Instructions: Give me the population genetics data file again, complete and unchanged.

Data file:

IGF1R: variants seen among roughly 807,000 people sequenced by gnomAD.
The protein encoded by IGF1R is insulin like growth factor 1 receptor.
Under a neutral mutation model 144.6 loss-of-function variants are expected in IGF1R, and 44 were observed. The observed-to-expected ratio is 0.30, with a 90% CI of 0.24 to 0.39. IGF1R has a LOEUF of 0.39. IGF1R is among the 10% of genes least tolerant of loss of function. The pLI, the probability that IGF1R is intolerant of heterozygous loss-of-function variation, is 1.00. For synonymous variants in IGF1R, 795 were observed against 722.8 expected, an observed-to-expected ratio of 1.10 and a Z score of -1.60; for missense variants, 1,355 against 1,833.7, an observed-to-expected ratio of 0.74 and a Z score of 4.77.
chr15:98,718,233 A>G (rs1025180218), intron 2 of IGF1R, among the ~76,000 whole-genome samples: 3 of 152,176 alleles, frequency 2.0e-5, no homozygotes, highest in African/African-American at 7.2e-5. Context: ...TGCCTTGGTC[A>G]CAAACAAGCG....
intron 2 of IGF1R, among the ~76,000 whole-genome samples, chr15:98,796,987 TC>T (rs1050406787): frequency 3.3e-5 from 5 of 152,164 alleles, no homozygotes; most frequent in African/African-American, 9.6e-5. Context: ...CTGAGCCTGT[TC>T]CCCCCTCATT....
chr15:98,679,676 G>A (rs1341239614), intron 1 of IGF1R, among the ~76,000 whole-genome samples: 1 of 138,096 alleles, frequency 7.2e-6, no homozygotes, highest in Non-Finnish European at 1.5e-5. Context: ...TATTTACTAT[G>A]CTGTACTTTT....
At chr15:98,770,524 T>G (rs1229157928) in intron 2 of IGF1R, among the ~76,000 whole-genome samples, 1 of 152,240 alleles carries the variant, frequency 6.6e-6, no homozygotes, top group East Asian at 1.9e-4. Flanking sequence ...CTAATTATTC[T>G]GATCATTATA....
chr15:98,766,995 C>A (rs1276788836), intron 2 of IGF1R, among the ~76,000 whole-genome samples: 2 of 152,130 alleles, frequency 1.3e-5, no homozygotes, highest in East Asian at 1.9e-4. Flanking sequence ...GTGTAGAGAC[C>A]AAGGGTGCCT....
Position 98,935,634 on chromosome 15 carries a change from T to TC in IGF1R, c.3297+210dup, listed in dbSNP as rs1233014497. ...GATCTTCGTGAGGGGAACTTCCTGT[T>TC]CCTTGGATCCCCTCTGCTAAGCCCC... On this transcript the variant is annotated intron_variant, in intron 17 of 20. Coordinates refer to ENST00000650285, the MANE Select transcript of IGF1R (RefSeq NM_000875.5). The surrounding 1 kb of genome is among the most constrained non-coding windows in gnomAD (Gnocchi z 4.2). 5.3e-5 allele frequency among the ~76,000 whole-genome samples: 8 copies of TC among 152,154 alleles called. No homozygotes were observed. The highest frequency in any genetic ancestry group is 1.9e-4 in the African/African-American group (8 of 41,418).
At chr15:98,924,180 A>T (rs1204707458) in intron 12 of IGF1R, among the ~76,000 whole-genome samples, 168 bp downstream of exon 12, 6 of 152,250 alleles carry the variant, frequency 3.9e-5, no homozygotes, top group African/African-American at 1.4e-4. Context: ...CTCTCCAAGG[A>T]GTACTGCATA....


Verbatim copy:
IGF1R: variants seen among roughly 807,000 people sequenced by gnomAD.
The protein encoded by IGF1R is insulin like growth factor 1 receptor.
Under a neutral mutation model 144.6 loss-of-function variants are expected in IGF1R, and 44 were observed. The observed-to-expected ratio is 0.30, with a 90% CI of 0.24 to 0.39. IGF1R has a LOEUF of 0.39. IGF1R is among the 10% of genes least tolerant of loss of function. The pLI, the probability that IGF1R is intolerant of heterozygous loss-of-function variation, is 1.00. For synonymous variants in IGF1R, 795 were observed against 722.8 expected, an observed-to-expected ratio of 1.10 and a Z score of -1.60; for missense variants, 1,355 against 1,833.7, an observed-to-expected ratio of 0.74 and a Z score of 4.77.
chr15:98,718,233 A>G (rs1025180218), intron 2 of IGF1R, among the ~76,000 whole-genome samples: 3 of 152,176 alleles, frequency 2.0e-5, no homozygotes, highest in African/African-American at 7.2e-5. Context: ...TGCCTTGGTC[A>G]CAAACAAGCG....
intron 2 of IGF1R, among the ~76,000 whole-genome samples, chr15:98,796,987 TC>T (rs1050406787): frequency 3.3e-5 from 5 of 152,164 alleles, no homozygotes; most frequent in African/African-American, 9.6e-5. Context: ...CTGAGCCTGT[TC>T]CCCCCTCATT....
chr15:98,679,676 G>A (rs1341239614), intron 1 of IGF1R, among the ~76,000 whole-genome samples: 1 of 138,096 alleles, frequency 7.2e-6, no homozygotes, highest in Non-Finnish European at 1.5e-5. Context: ...TATTTACTAT[G>A]CTGTACTTTT....
At chr15:98,770,524 T>G (rs1229157928) in intron 2 of IGF1R, among the ~76,000 whole-genome samples, 1 of 152,240 alleles carries the variant, frequency 6.6e-6, no homozygotes, top group East Asian at 1.9e-4. Flanking sequence ...CTAATTATTC[T>G]GATCATTATA....
chr15:98,766,995 C>A (rs1276788836), intron 2 of IGF1R, among the ~76,000 whole-genome samples: 2 of 152,130 alleles, frequency 1.3e-5, no homozygotes, highest in East Asian at 1.9e-4. Flanking sequence ...GTGTAGAGAC[C>A]AAGGGTGCCT....
Position 98,935,634 on chromosome 15 carries a change from T to TC in IGF1R, c.3297+210dup, listed in dbSNP as rs1233014497. ...GATCTTCGTGAGGGGAACTTCCTGT[T>TC]CCTTGGATCCCCTCTGCTAAGCCCC... On this transcript the variant is annotated intron_variant, in intron 17 of 20. Coordinates refer to ENST00000650285, the MANE Select transcript of IGF1R (RefSeq NM_000875.5). The surrounding 1 kb of genome is among the most constrained non-coding windows in gnomAD (Gnocchi z 4.2). 5.3e-5 allele frequency among the ~76,000 whole-genome samples: 8 copies of TC among 152,154 alleles called. No homozygotes were observed. The highest frequency in any genetic ancestry group is 1.9e-4 in the African/African-American group (8 of 41,418).
At chr15:98,924,180 A>T (rs1204707458) in intron 12 of IGF1R, among the ~76,000 whole-genome samples, 168 bp downstream of exon 12, 6 of 152,250 alleles carry the variant, frequency 3.9e-5, no homozygotes, top group African/African-American at 1.4e-4. Context: ...CTCTCCAAGG[A>T]GTACTGCATA....